Hospitals are making inadequate investments in mobile computing and communications needs, according to a majority of physicians recently surveyed by the Spyglass Consulting Group.
One of the most promising aspects of new technology in the healthcare industry is the ability to provide better, faster care while engaging patients in their own treatments; to that end, wearables are making a big impact. Read more...
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Mobile devices and apps increasingly are being used in healthcare settings, and with that comes greater risk to the security of patient information. To that end, hospitals and healthcare organizations are implementing a variety of systems and safe guards to ward off hackers and ensure the privacy of patient data. >> FULL REPORT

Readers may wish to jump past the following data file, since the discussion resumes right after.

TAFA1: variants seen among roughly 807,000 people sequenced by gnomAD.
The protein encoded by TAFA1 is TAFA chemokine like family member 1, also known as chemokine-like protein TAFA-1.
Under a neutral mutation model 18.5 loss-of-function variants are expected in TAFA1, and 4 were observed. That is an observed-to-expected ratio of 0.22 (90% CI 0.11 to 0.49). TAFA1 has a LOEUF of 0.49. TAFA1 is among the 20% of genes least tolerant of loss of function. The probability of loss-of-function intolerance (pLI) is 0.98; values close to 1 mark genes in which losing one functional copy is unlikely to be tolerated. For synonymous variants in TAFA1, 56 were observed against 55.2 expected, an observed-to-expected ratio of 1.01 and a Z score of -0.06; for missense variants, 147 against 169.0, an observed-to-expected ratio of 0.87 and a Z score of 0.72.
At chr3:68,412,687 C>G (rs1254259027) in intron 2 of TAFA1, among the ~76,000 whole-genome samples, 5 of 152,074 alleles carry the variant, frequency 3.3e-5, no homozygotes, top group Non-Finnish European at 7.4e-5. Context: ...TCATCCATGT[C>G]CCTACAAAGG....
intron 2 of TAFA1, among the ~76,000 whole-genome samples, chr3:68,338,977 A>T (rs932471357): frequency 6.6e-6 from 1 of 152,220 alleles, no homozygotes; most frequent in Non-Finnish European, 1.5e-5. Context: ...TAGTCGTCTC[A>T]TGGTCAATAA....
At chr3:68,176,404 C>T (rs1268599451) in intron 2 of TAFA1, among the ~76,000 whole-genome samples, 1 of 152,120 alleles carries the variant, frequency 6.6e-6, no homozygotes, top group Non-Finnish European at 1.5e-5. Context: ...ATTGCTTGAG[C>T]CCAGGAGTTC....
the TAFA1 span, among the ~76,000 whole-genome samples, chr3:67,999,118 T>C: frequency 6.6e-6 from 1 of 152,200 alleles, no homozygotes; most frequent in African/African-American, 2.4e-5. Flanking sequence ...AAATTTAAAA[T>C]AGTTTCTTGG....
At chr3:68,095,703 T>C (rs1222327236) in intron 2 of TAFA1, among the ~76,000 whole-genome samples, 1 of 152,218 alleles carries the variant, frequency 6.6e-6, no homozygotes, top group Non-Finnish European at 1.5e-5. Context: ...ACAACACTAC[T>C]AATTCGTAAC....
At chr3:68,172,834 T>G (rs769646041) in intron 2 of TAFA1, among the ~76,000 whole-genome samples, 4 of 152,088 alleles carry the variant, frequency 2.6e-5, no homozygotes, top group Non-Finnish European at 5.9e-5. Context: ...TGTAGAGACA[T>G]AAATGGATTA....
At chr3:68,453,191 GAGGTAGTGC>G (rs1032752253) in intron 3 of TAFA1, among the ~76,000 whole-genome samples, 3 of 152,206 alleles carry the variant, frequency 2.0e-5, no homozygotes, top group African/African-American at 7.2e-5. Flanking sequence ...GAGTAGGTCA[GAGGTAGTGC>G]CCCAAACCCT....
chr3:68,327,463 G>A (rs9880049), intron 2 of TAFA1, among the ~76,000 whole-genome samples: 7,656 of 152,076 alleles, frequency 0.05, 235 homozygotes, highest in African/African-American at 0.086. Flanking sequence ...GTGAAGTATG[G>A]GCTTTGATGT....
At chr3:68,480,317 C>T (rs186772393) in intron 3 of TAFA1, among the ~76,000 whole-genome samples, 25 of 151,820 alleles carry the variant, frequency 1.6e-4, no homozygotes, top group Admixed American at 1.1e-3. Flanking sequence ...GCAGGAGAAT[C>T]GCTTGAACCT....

The advent of mobile healthcare in hospital settings is coming on the heels of likely the biggest tech challenge such institutions faced in decades: the implementation of electronic health record systems. And while it seems natural to expect hospitals to embrace mobile healthcare with enthusiasm, and do it well given the federal government's EHR efforts, that apparently is not the case, at least according to doctors. As we report this week a good majority of recently surveyed physicians believe, instead, that hospitals are giving "lip service" to mobile efforts.
A Spyglass Consulting Group study reveals that physicians are not too impressed with how hospital IT departments are approaching mHealth. According to the report, upwards of 70 percent of physicians believe hospital IT organizations are making "inadequate investments to address physician mobile computing and communication requirements at point of care due to limited planned investments, poor mobile EHR tools, and inadequate mobile user support." Read more...
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